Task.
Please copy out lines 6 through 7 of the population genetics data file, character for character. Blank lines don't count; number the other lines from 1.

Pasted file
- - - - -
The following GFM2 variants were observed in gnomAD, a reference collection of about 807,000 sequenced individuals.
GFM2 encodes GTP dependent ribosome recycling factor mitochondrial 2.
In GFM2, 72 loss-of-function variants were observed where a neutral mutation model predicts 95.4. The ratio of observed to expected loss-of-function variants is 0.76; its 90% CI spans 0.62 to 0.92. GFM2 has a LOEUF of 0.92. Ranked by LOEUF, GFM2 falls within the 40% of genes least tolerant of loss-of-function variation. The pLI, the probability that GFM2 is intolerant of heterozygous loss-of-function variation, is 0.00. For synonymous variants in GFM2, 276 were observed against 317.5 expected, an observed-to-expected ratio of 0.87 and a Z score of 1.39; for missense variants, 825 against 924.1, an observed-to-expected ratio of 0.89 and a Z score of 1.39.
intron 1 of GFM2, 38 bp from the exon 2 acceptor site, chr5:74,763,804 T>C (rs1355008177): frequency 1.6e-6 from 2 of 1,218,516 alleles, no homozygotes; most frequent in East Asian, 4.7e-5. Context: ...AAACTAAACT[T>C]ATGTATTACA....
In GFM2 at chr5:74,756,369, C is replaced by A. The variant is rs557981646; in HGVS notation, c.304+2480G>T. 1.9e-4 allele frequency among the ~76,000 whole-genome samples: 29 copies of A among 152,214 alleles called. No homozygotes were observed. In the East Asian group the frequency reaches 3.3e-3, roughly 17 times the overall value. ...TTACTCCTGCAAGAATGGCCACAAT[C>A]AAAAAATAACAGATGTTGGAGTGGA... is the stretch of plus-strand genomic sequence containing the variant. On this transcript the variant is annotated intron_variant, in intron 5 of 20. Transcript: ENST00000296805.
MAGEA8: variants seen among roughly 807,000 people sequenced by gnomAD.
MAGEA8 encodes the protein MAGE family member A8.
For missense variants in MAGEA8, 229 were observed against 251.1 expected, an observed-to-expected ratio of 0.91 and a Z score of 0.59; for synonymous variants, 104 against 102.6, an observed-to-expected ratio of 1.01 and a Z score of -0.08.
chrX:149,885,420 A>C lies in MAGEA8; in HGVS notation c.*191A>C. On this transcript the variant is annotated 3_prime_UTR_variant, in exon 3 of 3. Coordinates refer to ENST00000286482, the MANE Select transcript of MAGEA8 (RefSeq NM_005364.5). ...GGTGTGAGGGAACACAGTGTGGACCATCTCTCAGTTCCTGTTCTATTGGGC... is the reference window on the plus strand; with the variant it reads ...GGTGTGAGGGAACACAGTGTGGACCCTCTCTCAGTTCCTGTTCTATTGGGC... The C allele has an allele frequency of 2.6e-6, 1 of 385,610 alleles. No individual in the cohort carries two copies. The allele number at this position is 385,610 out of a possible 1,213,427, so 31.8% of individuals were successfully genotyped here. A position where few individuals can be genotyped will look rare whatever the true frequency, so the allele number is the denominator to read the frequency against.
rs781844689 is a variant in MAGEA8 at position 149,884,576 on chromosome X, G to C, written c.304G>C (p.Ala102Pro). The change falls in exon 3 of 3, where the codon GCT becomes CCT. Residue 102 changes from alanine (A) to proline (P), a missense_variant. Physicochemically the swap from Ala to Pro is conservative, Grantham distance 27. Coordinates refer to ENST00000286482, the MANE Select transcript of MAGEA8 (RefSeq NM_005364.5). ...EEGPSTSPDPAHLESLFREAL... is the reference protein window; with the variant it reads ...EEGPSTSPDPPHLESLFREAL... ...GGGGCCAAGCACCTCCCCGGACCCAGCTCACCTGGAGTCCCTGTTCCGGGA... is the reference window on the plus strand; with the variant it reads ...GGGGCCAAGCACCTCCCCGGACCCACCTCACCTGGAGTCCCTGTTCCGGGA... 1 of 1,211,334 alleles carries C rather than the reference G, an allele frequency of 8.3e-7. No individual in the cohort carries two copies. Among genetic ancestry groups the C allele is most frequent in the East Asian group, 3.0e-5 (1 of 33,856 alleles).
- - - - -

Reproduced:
MAGEA8: variants seen among roughly 807,000 people sequenced by gnomAD.
MAGEA8 encodes the protein MAGE family member A8.